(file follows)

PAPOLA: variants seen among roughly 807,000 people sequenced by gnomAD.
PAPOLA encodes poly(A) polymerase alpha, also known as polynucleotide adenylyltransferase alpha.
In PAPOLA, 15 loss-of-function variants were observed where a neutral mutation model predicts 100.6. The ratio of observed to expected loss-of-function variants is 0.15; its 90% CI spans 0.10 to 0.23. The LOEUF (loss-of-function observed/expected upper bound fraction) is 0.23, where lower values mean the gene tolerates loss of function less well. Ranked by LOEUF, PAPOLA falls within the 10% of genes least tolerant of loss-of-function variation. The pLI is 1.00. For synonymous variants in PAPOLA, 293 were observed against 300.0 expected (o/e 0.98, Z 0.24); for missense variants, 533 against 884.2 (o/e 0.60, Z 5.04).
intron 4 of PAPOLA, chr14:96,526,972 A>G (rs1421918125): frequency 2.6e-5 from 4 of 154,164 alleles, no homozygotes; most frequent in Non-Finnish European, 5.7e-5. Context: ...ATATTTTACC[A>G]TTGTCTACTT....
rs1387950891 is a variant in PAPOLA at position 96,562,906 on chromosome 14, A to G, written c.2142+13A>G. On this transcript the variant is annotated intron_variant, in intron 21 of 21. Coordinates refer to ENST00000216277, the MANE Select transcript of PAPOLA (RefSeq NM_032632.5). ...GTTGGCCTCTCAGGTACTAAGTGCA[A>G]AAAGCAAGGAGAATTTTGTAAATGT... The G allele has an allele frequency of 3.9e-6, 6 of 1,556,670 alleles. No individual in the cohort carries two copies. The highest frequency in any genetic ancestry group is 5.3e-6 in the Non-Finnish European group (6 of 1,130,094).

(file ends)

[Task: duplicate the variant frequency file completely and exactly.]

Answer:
PAPOLA: variants seen among roughly 807,000 people sequenced by gnomAD.
PAPOLA encodes poly(A) polymerase alpha, also known as polynucleotide adenylyltransferase alpha.
In PAPOLA, 15 loss-of-function variants were observed where a neutral mutation model predicts 100.6. The ratio of observed to expected loss-of-function variants is 0.15; its 90% CI spans 0.10 to 0.23. The LOEUF (loss-of-function observed/expected upper bound fraction) is 0.23, where lower values mean the gene tolerates loss of function less well. Ranked by LOEUF, PAPOLA falls within the 10% of genes least tolerant of loss-of-function variation. The pLI is 1.00. For synonymous variants in PAPOLA, 293 were observed against 300.0 expected (o/e 0.98, Z 0.24); for missense variants, 533 against 884.2 (o/e 0.60, Z 5.04).
intron 4 of PAPOLA, chr14:96,526,972 A>G (rs1421918125): frequency 2.6e-5 from 4 of 154,164 alleles, no homozygotes; most frequent in Non-Finnish European, 5.7e-5. Context: ...ATATTTTACC[A>G]TTGTCTACTT....
rs1387950891 is a variant in PAPOLA at position 96,562,906 on chromosome 14, A to G, written c.2142+13A>G. On this transcript the variant is annotated intron_variant, in intron 21 of 21. Coordinates refer to ENST00000216277, the MANE Select transcript of PAPOLA (RefSeq NM_032632.5). ...GTTGGCCTCTCAGGTACTAAGTGCA[A>G]AAAGCAAGGAGAATTTTGTAAATGT... The G allele has an allele frequency of 3.9e-6, 6 of 1,556,670 alleles. No individual in the cohort carries two copies. The highest frequency in any genetic ancestry group is 5.3e-6 in the Non-Finnish European group (6 of 1,130,094).